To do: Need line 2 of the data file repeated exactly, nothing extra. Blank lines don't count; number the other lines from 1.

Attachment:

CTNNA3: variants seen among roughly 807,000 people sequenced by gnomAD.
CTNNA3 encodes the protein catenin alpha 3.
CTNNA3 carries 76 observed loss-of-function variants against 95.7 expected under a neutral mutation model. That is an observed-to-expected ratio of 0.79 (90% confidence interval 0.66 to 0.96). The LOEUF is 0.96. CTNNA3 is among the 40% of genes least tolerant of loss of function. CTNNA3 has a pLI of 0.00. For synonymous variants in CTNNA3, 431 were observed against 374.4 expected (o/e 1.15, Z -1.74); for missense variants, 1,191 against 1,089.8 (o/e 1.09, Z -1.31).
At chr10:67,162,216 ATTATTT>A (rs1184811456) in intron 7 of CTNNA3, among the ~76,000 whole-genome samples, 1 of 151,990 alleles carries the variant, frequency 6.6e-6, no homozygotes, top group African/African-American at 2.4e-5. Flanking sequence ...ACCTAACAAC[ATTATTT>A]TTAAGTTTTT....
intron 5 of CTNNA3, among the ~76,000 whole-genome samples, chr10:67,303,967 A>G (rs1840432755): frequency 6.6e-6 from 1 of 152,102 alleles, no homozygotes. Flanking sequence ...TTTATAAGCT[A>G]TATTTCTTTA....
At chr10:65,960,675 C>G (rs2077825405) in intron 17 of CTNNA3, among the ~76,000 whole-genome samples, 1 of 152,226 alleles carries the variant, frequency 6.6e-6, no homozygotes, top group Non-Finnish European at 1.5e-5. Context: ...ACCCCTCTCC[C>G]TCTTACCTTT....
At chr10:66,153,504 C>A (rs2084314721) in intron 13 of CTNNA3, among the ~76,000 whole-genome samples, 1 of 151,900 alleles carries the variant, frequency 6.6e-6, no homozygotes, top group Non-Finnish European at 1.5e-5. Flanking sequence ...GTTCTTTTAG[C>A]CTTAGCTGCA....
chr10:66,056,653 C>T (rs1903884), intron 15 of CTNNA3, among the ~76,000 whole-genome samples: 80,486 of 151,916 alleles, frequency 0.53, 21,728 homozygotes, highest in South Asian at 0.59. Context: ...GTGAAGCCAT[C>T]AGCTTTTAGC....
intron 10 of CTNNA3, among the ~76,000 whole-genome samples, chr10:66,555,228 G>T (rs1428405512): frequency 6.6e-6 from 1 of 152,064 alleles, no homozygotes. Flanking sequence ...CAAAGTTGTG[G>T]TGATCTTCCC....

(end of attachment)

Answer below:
CTNNA3 encodes the protein catenin alpha 3.